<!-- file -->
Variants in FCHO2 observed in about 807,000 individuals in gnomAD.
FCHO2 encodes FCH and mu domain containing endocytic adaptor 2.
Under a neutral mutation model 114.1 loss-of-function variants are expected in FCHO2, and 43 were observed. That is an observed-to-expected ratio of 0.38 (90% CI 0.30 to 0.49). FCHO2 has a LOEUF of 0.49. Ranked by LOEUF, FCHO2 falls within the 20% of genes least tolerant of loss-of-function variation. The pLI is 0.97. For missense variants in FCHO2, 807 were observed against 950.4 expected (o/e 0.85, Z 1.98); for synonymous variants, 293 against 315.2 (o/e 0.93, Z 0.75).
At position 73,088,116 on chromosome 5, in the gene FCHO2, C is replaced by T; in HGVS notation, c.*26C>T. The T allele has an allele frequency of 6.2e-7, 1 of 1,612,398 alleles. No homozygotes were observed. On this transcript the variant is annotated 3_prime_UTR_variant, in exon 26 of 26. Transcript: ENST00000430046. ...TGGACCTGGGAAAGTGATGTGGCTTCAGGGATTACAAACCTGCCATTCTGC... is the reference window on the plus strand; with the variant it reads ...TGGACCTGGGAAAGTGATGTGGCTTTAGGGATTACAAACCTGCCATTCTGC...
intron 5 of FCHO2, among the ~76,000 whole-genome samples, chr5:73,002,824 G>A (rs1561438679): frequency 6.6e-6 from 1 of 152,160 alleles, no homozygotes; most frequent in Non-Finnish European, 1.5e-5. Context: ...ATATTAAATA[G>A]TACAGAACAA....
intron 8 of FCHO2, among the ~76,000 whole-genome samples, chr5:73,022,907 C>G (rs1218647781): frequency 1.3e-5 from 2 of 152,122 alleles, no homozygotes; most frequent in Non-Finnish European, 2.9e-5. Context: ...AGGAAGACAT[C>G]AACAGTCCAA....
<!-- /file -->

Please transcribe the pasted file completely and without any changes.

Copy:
Variants in FCHO2 observed in about 807,000 individuals in gnomAD.
FCHO2 encodes FCH and mu domain containing endocytic adaptor 2.
Under a neutral mutation model 114.1 loss-of-function variants are expected in FCHO2, and 43 were observed. That is an observed-to-expected ratio of 0.38 (90% CI 0.30 to 0.49). FCHO2 has a LOEUF of 0.49. Ranked by LOEUF, FCHO2 falls within the 20% of genes least tolerant of loss-of-function variation. The pLI is 0.97. For missense variants in FCHO2, 807 were observed against 950.4 expected (o/e 0.85, Z 1.98); for synonymous variants, 293 against 315.2 (o/e 0.93, Z 0.75).
At position 73,088,116 on chromosome 5, in the gene FCHO2, C is replaced by T; in HGVS notation, c.*26C>T. The T allele has an allele frequency of 6.2e-7, 1 of 1,612,398 alleles. No homozygotes were observed. On this transcript the variant is annotated 3_prime_UTR_variant, in exon 26 of 26. Transcript: ENST00000430046. ...TGGACCTGGGAAAGTGATGTGGCTTCAGGGATTACAAACCTGCCATTCTGC... is the reference window on the plus strand; with the variant it reads ...TGGACCTGGGAAAGTGATGTGGCTTTAGGGATTACAAACCTGCCATTCTGC...
intron 5 of FCHO2, among the ~76,000 whole-genome samples, chr5:73,002,824 G>A (rs1561438679): frequency 6.6e-6 from 1 of 152,160 alleles, no homozygotes; most frequent in Non-Finnish European, 1.5e-5. Context: ...ATATTAAATA[G>A]TACAGAACAA....
intron 8 of FCHO2, among the ~76,000 whole-genome samples, chr5:73,022,907 C>G (rs1218647781): frequency 1.3e-5 from 2 of 152,122 alleles, no homozygotes; most frequent in Non-Finnish European, 2.9e-5. Context: ...AGGAAGACAT[C>G]AACAGTCCAA....